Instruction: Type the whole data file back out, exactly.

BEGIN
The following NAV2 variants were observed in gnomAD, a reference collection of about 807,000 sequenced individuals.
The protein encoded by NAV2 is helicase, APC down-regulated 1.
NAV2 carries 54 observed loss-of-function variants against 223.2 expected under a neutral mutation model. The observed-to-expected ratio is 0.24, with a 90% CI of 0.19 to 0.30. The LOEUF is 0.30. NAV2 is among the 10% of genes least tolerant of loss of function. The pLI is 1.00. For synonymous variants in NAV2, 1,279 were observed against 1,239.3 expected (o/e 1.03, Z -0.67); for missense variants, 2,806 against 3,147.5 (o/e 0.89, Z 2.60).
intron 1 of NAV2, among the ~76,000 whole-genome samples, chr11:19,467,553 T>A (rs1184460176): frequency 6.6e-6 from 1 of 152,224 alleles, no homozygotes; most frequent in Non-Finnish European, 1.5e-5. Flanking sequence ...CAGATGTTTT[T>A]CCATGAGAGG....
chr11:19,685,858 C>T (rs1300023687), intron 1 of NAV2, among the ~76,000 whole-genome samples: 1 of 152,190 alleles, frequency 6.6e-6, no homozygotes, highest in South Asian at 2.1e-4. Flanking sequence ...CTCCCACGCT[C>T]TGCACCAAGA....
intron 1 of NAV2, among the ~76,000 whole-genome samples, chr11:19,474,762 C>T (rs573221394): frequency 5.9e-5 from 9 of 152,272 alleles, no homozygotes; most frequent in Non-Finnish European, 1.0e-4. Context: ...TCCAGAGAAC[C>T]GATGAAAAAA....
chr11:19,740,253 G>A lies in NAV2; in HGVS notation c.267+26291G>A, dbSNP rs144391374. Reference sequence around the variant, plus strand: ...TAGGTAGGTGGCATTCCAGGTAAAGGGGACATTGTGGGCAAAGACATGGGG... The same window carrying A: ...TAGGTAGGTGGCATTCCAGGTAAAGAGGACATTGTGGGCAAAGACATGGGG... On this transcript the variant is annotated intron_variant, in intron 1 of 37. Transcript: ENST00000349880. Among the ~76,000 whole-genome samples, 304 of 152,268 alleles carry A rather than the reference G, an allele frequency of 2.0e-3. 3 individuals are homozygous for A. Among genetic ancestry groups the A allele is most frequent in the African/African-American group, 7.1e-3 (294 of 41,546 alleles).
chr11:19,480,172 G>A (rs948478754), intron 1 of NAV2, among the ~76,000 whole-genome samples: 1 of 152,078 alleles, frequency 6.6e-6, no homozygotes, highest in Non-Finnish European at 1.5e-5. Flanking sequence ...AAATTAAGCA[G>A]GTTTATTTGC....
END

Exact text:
The following NAV2 variants were observed in gnomAD, a reference collection of about 807,000 sequenced individuals.
The protein encoded by NAV2 is helicase, APC down-regulated 1.
NAV2 carries 54 observed loss-of-function variants against 223.2 expected under a neutral mutation model. The observed-to-expected ratio is 0.24, with a 90% CI of 0.19 to 0.30. The LOEUF is 0.30. NAV2 is among the 10% of genes least tolerant of loss of function. The pLI is 1.00. For synonymous variants in NAV2, 1,279 were observed against 1,239.3 expected (o/e 1.03, Z -0.67); for missense variants, 2,806 against 3,147.5 (o/e 0.89, Z 2.60).
intron 1 of NAV2, among the ~76,000 whole-genome samples, chr11:19,467,553 T>A (rs1184460176): frequency 6.6e-6 from 1 of 152,224 alleles, no homozygotes; most frequent in Non-Finnish European, 1.5e-5. Flanking sequence ...CAGATGTTTT[T>A]CCATGAGAGG....
chr11:19,685,858 C>T (rs1300023687), intron 1 of NAV2, among the ~76,000 whole-genome samples: 1 of 152,190 alleles, frequency 6.6e-6, no homozygotes, highest in South Asian at 2.1e-4. Flanking sequence ...CTCCCACGCT[C>T]TGCACCAAGA....
intron 1 of NAV2, among the ~76,000 whole-genome samples, chr11:19,474,762 C>T (rs573221394): frequency 5.9e-5 from 9 of 152,272 alleles, no homozygotes; most frequent in Non-Finnish European, 1.0e-4. Context: ...TCCAGAGAAC[C>T]GATGAAAAAA....
chr11:19,740,253 G>A lies in NAV2; in HGVS notation c.267+26291G>A, dbSNP rs144391374. Reference sequence around the variant, plus strand: ...TAGGTAGGTGGCATTCCAGGTAAAGGGGACATTGTGGGCAAAGACATGGGG... The same window carrying A: ...TAGGTAGGTGGCATTCCAGGTAAAGAGGACATTGTGGGCAAAGACATGGGG... On this transcript the variant is annotated intron_variant, in intron 1 of 37. Transcript: ENST00000349880. Among the ~76,000 whole-genome samples, 304 of 152,268 alleles carry A rather than the reference G, an allele frequency of 2.0e-3. 3 individuals are homozygous for A. Among genetic ancestry groups the A allele is most frequent in the African/African-American group, 7.1e-3 (294 of 41,546 alleles).
chr11:19,480,172 G>A (rs948478754), intron 1 of NAV2, among the ~76,000 whole-genome samples: 1 of 152,078 alleles, frequency 6.6e-6, no homozygotes, highest in Non-Finnish European at 1.5e-5. Flanking sequence ...AAATTAAGCA[G>A]GTTTATTTGC....